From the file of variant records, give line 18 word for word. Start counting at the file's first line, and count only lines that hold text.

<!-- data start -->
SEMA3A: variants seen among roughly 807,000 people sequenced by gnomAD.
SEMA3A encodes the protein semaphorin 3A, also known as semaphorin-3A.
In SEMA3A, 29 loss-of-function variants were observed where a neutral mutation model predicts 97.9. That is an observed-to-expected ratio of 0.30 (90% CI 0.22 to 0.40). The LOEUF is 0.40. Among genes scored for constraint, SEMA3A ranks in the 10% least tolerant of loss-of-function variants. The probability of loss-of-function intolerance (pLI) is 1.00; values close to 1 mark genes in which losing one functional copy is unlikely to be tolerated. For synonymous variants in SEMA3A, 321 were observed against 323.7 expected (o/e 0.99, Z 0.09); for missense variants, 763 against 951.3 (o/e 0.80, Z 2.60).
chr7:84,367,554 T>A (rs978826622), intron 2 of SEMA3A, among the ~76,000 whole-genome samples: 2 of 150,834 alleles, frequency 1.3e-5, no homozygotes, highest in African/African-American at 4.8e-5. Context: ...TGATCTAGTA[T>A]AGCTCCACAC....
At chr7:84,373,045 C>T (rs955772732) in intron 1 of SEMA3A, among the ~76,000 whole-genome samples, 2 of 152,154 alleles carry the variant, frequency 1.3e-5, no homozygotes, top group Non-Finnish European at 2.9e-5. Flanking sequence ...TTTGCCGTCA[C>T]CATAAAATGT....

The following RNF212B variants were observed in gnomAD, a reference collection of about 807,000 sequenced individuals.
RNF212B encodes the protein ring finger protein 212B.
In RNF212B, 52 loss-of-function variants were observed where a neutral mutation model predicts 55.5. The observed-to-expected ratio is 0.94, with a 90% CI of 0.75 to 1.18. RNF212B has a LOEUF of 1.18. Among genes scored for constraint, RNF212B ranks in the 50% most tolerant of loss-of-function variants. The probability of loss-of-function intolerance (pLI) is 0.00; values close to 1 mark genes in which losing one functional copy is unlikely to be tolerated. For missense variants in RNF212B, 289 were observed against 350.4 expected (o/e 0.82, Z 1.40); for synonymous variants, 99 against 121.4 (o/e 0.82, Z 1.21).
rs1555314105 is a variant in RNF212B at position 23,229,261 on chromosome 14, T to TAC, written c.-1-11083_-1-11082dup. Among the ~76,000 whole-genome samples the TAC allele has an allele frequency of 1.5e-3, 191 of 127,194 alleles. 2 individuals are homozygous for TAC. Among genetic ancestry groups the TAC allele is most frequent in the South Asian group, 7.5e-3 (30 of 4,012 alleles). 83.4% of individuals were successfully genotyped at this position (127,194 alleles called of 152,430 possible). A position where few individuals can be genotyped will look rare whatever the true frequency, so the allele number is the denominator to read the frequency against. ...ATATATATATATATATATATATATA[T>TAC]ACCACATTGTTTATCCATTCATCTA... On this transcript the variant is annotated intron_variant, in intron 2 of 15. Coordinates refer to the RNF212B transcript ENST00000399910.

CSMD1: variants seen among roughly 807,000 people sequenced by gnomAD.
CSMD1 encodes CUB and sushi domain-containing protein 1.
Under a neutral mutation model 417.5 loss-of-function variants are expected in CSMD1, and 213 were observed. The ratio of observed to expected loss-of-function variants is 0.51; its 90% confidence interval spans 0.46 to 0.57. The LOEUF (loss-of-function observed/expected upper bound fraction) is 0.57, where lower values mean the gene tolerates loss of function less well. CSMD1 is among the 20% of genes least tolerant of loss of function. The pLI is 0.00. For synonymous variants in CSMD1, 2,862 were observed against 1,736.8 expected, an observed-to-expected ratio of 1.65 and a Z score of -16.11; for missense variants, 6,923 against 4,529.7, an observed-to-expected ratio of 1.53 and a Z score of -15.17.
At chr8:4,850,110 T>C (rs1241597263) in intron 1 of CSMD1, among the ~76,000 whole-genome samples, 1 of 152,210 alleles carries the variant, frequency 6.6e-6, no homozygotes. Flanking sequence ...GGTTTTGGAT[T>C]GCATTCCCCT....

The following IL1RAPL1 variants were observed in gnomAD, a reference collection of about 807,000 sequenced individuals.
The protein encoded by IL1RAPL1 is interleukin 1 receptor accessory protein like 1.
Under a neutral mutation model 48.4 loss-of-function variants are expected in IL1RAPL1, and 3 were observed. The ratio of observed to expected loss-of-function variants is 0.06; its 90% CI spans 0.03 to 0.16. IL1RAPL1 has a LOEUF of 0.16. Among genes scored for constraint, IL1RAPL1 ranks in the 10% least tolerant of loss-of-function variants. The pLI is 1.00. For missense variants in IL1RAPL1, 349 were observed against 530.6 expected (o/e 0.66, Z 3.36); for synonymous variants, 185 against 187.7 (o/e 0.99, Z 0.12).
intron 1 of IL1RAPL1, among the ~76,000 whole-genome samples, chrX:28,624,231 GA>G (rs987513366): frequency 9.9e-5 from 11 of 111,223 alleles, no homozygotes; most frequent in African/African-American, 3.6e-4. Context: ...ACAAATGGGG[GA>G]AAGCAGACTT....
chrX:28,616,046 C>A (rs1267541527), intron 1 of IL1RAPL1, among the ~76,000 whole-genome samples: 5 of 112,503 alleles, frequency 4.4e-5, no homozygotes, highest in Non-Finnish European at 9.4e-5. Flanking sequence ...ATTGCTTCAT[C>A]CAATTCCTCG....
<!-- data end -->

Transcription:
chrX:28,616,046 C>A (rs1267541527), intron 1 of IL1RAPL1, among the ~76,000 whole-genome samples: 5 of 112,503 alleles, frequency 4.4e-5, no homozygotes, highest in Non-Finnish European at 9.4e-5. Flanking sequence ...ATTGCTTCAT[C>A]CAATTCCTCG....